Today is the Feast of St Ignatius. Tonight I will leave for Zambia to help facilitate an Ignatian Identity Workshop with African educators in Jesuit schools. This reflection on Ignatian Spirituality, in two parts, is adapted from a talk I will give as part of the workshop. Have a blessed feast day, and come back tomorrow for part two!
As I think about my experience with Ignatian Spirituality I am struck by how often the major principles of this spirituality matched up with what I found myself doing naturally. The words of Ignatius and the Jesuits helped give language to many things that I already saw in my life. Rather than feeling as if this paradigm asks me to change, I feel as if enriches and enhances what I already do as a person of prayer and mission.
Before I get too into deep ideas like “prayer” and “mission” I need to tell you story about my mother. She’s never been one to go in for fancy technology, so when they came out with the disposable camera she jumped on the bandwagon. Nothing to focus, no film to remove, just that satisfying “click click click” of the thumbwheel as you advance the film after each shot.
For years there was always one of these around the house, and my mother was ready to snatch it up at a moments notice. Sometimes the tomatoes on the window ledge were a shade of red so devastating she had to capture it, or the crocuses had arrived at the one weekend in the spring when they were in perfect bloom. The woman would take pictures of anything, and you never knew when she was going to strike.
When I was growing up I didn’t know a Jesuit from a jack-in-the-box. My family was Catholic and we attended your run-of-the-mill Catholic parish, staffed by diocesan priests. We went to mass every Sunday, volunteered in religious education, taught summer Bible School, got to know our neighbors, and worshiped God. It was all very “normal”, or at least seemed normal to me because I lived it.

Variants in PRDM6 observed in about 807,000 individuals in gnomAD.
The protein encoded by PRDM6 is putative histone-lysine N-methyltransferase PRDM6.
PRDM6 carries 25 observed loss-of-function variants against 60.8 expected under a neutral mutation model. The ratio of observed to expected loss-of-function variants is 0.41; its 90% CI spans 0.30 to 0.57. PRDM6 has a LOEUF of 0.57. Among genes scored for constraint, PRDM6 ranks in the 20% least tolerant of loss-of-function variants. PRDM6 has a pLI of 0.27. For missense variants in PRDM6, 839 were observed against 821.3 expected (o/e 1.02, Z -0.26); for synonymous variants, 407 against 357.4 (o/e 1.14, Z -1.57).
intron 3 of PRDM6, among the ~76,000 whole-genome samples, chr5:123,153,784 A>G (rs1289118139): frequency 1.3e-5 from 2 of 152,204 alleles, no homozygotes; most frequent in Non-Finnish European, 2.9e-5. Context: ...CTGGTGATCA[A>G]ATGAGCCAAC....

My first experience with the Jesuits came when I was 17 and left home to attend a Jesuit college. I threw myself into the religious life of the school – singing at mass, taking religion classes, and participating in the service and retreat activities run by campus ministry.
My first year I signed up for what was called the “Busy Student Retreat”, well marketed to a busy over-achiever like myself. This was a retreat based on the Nineteenth Annotation of the Spiritual Exercises, or the exercises in every day life. It asked me to meet with a director once a week and pray every day. I didn’t have to go anywhere other than the chapel for an hour on Thursday. I didn’t have to put anything on hold. There were people working at the college willing to help me meet God exactly where I was. I could be a Contemplative in Action, and get some help with the contemplative side, which came less easily to me.
This was the first time I got the sense that the Jesuits were on to something that was going to work for me. I saw the priests and brothers, as well as the lay staff steeped in Ignatian Spirituality, zipping around campus all day, accomplishing things, being the type of productive, impressive person I wanted to be. But I wanted more than just ambition and accomplishment – I wanted to be a good person. I wanted to be in relationship with God and others, and the Jesuits practice of spirituality in everyday life had helped them balance contemplation and action. I had a lot to learn.
Do you see traces of Ignatian Spirituality in your life? Visit back again tomorrow for more in my ongoing story of being surprised by Ignatius.